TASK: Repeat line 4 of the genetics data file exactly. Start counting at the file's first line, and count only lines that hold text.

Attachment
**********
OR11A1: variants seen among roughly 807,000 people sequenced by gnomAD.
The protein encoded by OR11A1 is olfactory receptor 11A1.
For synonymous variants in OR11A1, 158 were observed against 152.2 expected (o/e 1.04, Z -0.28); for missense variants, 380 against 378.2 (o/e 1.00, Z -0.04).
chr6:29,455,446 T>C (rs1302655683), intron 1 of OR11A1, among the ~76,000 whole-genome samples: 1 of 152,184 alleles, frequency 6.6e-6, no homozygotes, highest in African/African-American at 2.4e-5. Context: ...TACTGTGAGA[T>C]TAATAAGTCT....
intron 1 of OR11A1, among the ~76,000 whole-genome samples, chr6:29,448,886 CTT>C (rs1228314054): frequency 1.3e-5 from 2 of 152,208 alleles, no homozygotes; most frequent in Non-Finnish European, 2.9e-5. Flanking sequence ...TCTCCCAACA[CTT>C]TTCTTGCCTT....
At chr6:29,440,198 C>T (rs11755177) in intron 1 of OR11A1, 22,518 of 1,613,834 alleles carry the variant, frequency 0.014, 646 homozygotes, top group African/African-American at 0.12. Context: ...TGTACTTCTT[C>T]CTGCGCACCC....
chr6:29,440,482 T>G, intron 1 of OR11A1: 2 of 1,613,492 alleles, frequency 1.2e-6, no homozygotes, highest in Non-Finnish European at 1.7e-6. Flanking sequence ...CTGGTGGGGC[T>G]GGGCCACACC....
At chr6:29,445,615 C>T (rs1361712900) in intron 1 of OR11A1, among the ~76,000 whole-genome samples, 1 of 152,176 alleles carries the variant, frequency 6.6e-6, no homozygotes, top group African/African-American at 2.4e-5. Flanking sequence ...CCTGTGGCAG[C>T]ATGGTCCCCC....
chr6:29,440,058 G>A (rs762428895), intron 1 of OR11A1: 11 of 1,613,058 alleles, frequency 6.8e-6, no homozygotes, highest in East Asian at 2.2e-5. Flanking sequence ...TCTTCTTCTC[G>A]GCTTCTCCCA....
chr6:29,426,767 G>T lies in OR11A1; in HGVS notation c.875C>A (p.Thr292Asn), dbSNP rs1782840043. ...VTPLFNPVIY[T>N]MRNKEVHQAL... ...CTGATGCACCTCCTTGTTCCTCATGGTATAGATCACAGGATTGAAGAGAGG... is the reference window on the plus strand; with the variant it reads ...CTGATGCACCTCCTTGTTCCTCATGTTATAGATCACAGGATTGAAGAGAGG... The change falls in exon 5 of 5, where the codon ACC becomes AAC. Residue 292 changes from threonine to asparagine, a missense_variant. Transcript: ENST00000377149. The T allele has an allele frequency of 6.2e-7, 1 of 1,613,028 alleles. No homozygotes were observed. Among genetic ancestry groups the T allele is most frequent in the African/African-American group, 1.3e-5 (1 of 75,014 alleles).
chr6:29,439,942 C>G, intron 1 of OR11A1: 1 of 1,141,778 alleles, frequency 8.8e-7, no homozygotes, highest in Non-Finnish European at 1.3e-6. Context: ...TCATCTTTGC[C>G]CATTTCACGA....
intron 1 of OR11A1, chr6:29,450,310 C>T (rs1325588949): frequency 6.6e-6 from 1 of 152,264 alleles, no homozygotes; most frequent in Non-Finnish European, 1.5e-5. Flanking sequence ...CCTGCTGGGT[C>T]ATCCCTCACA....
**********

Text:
chr6:29,455,446 T>C (rs1302655683), intron 1 of OR11A1, among the ~76,000 whole-genome samples: 1 of 152,184 alleles, frequency 6.6e-6, no homozygotes, highest in African/African-American at 2.4e-5. Context: ...TACTGTGAGA[T>C]TAATAAGTCT....